Feliciano Lopez, the enigmatic Spaniard who had previously won only one match in five months, Frida completed his third victory over a top ten player in a week to reach the final of the Dubai Open.
Lopez's last ditch comeback from 3-5 down to snatch an audacious 6-4, 4-6, 7-5 victory over Nikolay Davydenko handed him a place in his ATP Tour final since July 2006.
Nor was it a coincidence that Lopez should return to such spectacular form in the same place where the first of his four finals happened, four years ago here in the Aviation Club stadium.
The warm weather and fairly fast conditions suited an unusual attacking game, one quite unlike most Spaniards raised on clay who mostly develop preferences for longer baseline exchanges.
The last four games of the match, during which Lopez somehow dragged himself back from the exit, were harder to explain.
Lopez laughed when he was asked to try.
"I was lucky," he said. "I was down 3-5 and I think he made a few mistakes in that game, and then anything can happen.
"Then I took my chances and won this match. It's really good for me because to win it from there is difficult. I made it, but I was lucky," he repeated.
It must have been particularly galling for Davydenko, who has played 34 semi-finals but only reached 14 finals, and has won only one title in 17 months.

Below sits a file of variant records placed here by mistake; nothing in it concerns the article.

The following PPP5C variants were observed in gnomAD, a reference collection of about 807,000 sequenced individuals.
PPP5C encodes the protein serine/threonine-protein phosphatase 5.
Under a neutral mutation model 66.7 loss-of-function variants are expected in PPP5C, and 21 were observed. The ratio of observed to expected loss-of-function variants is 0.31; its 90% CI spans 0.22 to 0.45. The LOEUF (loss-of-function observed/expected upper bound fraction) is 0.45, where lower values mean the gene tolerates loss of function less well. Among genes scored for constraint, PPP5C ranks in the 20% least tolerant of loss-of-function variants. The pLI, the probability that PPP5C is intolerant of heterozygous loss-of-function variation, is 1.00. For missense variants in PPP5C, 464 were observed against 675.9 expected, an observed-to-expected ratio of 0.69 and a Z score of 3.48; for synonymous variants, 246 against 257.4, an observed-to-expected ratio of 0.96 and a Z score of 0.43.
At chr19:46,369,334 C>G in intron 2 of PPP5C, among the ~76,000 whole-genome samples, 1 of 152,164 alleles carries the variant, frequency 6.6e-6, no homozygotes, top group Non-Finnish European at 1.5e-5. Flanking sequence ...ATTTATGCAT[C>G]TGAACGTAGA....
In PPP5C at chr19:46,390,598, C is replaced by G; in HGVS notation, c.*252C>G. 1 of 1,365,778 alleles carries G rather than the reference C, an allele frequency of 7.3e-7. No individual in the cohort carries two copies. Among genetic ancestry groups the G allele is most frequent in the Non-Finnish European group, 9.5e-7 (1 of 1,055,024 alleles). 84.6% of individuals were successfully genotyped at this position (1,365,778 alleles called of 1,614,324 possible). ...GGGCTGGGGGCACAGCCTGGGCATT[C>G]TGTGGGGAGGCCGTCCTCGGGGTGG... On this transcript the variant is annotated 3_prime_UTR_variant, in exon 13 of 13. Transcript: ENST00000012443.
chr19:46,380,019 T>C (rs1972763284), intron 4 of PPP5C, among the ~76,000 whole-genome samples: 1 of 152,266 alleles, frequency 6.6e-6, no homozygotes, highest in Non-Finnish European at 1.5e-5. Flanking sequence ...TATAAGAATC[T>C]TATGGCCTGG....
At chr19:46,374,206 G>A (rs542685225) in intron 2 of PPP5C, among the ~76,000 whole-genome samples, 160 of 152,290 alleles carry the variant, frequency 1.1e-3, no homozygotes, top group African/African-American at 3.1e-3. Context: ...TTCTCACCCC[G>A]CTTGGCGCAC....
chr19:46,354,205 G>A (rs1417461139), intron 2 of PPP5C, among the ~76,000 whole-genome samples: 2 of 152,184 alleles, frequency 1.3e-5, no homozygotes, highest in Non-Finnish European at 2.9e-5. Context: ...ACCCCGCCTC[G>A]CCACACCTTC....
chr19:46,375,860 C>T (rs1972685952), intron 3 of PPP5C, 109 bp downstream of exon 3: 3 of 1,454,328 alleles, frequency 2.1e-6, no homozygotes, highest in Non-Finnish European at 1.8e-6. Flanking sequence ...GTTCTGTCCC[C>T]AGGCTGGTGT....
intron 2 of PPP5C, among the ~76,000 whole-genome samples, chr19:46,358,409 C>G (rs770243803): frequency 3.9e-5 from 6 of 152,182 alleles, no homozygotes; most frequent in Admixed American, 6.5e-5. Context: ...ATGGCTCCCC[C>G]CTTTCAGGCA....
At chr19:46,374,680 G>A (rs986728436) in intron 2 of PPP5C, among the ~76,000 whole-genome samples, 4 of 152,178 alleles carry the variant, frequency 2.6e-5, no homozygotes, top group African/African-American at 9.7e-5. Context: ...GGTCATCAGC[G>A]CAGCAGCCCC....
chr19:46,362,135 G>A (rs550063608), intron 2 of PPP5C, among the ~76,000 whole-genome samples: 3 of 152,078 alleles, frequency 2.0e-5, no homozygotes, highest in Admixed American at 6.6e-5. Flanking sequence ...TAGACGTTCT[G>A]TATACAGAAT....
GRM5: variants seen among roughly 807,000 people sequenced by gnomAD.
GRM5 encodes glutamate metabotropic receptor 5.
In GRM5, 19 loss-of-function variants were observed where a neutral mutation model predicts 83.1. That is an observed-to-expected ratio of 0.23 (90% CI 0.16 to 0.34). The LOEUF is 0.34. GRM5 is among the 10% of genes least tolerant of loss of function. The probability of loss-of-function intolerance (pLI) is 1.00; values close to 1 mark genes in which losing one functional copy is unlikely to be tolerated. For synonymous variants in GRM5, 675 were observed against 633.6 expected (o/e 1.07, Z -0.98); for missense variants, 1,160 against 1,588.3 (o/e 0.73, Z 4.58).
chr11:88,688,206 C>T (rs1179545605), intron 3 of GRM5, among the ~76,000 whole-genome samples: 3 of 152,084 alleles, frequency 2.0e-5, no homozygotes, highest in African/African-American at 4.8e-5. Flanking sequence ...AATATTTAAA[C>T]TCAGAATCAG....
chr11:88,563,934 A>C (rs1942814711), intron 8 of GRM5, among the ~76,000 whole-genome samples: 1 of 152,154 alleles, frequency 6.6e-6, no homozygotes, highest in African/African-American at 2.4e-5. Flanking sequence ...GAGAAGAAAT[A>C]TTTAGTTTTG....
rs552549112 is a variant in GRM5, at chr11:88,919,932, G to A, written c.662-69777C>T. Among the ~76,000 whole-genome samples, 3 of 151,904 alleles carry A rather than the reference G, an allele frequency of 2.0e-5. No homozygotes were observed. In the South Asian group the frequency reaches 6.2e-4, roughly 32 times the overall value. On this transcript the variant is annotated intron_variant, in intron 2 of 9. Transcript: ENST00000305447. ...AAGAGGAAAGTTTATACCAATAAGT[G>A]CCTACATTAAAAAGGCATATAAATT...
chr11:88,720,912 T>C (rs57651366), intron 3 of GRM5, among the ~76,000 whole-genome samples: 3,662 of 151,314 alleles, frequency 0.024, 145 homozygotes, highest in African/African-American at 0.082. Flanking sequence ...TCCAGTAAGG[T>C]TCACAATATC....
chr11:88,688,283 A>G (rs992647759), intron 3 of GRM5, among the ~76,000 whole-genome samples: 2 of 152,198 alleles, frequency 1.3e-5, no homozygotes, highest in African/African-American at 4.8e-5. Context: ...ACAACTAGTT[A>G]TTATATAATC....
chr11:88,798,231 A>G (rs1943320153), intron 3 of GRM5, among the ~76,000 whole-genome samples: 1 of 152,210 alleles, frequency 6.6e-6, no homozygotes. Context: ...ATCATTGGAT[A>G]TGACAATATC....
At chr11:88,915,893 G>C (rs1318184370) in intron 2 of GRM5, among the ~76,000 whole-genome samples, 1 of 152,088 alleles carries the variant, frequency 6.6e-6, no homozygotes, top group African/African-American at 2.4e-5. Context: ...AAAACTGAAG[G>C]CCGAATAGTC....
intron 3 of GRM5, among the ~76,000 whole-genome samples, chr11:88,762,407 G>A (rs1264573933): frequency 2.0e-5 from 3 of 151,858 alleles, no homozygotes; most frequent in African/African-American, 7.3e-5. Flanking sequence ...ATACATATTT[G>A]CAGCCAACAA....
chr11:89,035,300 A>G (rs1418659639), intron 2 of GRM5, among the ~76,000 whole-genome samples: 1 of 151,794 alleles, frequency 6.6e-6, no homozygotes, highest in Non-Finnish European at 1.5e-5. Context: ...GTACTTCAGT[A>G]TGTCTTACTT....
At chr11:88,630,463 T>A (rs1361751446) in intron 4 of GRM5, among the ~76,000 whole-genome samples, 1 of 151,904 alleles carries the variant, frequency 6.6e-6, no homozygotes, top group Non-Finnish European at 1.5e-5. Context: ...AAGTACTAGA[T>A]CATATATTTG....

The world number five from Russia was keen to develop the admirable consistency in his results into more frequent final day appearances, but when serving for the match he could get no further than 30-30.
At that stage he tried to follow up a service with a deep forehand drive but over-hit it, and then at 30-40 he over-hit again, this time with a backhand drive.
Lopez flung a fist wildly with pleasure at this escape and then clung on to his service game for 5-5 despite having sunk to love-30 with a double fault.
By now, Davydenko appeared a little edgy and his next service game was a disaster. It included two backhand driving errors, one long and one into the net, and a sitter of a missed backhand volley on game point, close to the net and high above it.
Asked if he were nervous, he said: "I don't know really, I don't think so. Today at 5-3 I was thinking 'just try to topspin the serve in and play from the baseline' - and it didn't happen.
"I made a mistake. I try to win from the baseline and I can't. Maybe I need to try a hard first serve and be risky, I don't know."
Prior to that Davydenko had been getting on top with greater consistency from the baseline, plus a more all-round ability to force the issue from both wings.
Lopez was often made to slice defensively from the backhand side, though he often served impressively and was dangerous when came to the net.
Earlier in the week he had also beaten, Tomas Berdych, the world number ten from the Czech republic, and David Ferrer, the world number four from Spain. Asked whether 41 was a disappointing ranking for a player of his ability, he joked: "If you saw my results it's not disappointing."
He continued in more serious vein: "Maybe after this week I will think about why I have been 41 in the world."
Lopez will play in the final the winner of Novak Djokovic, the third-seeded Australian Open champion from Serbia, and Andy Roddick, the sixth-seeded former US Open champion from the United States.